INCLUSION  japnese
INCLUSION – A welcoming society.

There can be a place for people with intellectual disabilities, not in institutions, but in local communities. This approach is starting to be implemented as an ideal model in Japan.

In a community called Colony Unzen in Nagasaki prefecture, people with intellectual disabilities are living, not in a fancy concrete institution, but independently, in residential homes, with the support of professionals and neighbors. The main characters of this film, members of the ZUIHOU TAIKO drumming team, all live in the community. Although all the members started drumming as rehabilitation, they became a professional a drumming team through dedication and constant practice.

The drummers’ shared dream is to compete professionally and Jishoya Ichiro, the world-class taiko drummer, responds by composing an original piece for them. Under Jishoya's professional direction, the members give their all, mastering the challenging composition. The film charts their gradual command of the composition, Zenshin-daha (which translates as making gradual progress by pounding away at prejudice), while portraying their daily lives. The group’s leader, Iwamoto, is a 34 year-old man who married six years ago and is raising a four year-old boy with his wife. Even recently, most people considered it unthinkable for an intellectually disabled person to have a family and raise children. But there is a gradual shift away from the idea that they are happiest in institutions, towards the idea that they can live on their own in local communities. Through many years of struggle, they have earned the right “to live normally,” in Colony Unzen.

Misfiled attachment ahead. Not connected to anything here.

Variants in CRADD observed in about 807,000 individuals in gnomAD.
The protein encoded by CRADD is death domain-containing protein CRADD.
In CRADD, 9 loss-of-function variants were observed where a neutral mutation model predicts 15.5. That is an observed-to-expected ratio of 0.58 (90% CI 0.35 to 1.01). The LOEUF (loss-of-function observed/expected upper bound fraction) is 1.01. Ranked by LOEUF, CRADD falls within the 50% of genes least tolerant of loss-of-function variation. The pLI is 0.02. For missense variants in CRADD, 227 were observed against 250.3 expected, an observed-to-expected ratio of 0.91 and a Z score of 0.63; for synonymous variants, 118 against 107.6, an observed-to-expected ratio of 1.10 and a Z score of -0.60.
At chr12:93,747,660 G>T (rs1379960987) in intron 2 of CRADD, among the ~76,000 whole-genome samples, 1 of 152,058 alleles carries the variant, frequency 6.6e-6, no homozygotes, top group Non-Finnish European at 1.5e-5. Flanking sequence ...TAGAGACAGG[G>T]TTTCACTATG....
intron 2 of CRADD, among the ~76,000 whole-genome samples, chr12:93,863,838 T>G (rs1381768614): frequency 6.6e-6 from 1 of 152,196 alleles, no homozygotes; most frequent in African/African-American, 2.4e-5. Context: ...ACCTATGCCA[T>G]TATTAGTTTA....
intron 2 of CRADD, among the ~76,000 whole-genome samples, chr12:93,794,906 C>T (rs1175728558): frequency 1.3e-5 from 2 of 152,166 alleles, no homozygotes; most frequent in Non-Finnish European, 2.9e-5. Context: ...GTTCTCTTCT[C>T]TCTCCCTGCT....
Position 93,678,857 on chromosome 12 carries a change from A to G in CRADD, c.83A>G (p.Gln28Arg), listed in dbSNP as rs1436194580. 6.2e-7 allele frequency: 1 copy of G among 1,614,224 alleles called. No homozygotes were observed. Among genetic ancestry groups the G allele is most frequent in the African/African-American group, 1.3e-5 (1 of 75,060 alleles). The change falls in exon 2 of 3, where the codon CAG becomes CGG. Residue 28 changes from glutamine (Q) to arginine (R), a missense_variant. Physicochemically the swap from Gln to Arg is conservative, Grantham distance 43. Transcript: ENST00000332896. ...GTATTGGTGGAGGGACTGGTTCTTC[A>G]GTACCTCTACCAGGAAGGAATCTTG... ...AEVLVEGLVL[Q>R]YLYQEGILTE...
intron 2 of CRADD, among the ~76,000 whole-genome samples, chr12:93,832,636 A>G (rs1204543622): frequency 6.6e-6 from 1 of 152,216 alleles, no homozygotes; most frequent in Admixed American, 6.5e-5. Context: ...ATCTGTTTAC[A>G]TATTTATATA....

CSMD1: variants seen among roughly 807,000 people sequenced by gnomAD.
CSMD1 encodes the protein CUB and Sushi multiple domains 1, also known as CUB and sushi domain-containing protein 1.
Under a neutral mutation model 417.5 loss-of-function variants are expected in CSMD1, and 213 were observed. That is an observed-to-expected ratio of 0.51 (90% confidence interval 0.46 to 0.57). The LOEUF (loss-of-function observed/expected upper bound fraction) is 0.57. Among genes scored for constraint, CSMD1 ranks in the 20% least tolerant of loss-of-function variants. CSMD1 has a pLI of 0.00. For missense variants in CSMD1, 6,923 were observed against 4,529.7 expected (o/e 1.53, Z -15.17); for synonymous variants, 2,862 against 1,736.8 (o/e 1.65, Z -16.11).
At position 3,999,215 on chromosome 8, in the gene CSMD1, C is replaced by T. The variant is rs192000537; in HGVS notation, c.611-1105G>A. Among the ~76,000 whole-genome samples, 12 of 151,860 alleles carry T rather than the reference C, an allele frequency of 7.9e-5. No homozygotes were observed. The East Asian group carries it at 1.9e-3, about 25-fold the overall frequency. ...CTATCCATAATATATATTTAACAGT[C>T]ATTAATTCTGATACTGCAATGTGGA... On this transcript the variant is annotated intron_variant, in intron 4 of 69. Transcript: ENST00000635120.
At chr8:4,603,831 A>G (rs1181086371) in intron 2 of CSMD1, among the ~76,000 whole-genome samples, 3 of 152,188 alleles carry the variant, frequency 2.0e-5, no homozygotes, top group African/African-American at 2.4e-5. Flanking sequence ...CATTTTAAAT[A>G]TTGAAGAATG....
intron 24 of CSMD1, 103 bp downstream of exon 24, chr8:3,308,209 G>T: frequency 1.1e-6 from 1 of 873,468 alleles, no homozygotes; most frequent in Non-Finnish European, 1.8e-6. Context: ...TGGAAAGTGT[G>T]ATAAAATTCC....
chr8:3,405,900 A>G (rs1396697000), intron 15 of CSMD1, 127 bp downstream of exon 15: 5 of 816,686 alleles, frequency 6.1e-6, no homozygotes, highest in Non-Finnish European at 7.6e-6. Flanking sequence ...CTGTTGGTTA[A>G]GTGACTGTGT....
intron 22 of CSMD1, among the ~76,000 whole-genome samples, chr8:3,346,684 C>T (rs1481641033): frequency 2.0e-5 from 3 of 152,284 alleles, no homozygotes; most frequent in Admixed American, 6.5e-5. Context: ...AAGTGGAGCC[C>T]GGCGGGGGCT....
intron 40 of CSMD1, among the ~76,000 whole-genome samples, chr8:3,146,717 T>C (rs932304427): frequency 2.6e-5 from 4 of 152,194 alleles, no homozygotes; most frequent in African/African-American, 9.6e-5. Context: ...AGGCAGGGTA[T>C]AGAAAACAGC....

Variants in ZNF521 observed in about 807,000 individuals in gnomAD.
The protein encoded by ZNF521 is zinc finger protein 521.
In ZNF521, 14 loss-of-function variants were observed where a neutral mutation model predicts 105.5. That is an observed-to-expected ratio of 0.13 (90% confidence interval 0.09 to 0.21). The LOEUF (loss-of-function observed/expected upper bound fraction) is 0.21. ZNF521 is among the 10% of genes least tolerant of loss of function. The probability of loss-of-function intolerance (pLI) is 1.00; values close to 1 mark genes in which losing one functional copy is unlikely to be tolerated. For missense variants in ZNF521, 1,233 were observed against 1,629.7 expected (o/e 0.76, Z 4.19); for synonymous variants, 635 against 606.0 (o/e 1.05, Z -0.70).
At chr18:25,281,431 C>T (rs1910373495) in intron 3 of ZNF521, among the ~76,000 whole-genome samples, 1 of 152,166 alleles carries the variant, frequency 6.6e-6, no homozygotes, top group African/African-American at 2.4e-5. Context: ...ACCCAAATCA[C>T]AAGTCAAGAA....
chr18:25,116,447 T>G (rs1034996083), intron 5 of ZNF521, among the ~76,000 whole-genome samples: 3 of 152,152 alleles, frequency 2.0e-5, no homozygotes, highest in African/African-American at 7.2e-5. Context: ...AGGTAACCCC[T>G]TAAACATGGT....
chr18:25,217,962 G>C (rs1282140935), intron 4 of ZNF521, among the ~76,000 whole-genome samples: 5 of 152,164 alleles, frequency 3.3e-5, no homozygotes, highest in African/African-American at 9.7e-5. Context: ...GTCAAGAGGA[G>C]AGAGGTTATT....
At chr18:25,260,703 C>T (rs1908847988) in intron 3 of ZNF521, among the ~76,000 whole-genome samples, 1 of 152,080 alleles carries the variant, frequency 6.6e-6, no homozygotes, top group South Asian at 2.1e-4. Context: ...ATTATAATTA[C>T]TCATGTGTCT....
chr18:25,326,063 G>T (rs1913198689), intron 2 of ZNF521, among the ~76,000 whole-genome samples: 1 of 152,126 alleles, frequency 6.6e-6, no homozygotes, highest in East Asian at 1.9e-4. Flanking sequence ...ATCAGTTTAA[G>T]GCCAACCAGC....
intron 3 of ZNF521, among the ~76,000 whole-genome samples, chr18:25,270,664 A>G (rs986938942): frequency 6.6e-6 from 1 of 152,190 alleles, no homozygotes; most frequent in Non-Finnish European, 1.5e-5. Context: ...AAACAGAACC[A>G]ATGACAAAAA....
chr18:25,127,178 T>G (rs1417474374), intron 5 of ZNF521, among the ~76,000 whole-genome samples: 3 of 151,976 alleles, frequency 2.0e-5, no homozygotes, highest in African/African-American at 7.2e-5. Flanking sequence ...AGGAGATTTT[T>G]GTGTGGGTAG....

As the members of Zuiho Taiko, their families and loved ones, even a mother who once institutionalized her son, reveal the paths of their lives to the camera, they appear more touching and powerful than any fictional story, and lead us to a world of INCLUSION.

The bonds formed among the drummers by “living a normal life in a community regardless of disabilities,” and most of all their closing performance, will move you to tears and applause. Please listen to the sounds of drumming from the bottom of their hearts.

International Family Film Festival

Highest Honors by Ministry of Education, Culture, Sports, Science and Technology Cultural Materials of Child Welfare Recommended by Social Security Council

◎Excutive Producer:Kayoko Hosokawa
◎Director:Ken’ichi Oguri
◎Music:Jishoya Ichiro
◎Naration:Masato Hagiwara 
◎Performer:Zuihou Taiko / Jishoya Ichiro
◎able Film Committee:President Yasuko Konoe
◎English subtitle:Linda Hoaglund
Japan , 2011, 106min. , Vista (16:9) , Stereo , English subtitle , Documentary C
opyright© 2011 able Film Committee
Agency: able Society 1-5-1 Stefany-Bld. 8F Shinbashi Minato-ku Tokyo , 1
05-0004 TEL:+81-3-3569-3021  E-mail:


1998 Kitakyushu International Art Festival for the Disabled, Winner Best Performance
2008 Awarded the Suntory Prize for Community Cultulal Activities
2010 Tokyo International Taiko Contest, Winner Second Prize
Overseas Performances
Performed at the Opening Ceremony of the Barcelona Paralympic Games in Spain Held Performances at the United Nations Headquarters ,New York and in Los Angeles in the United States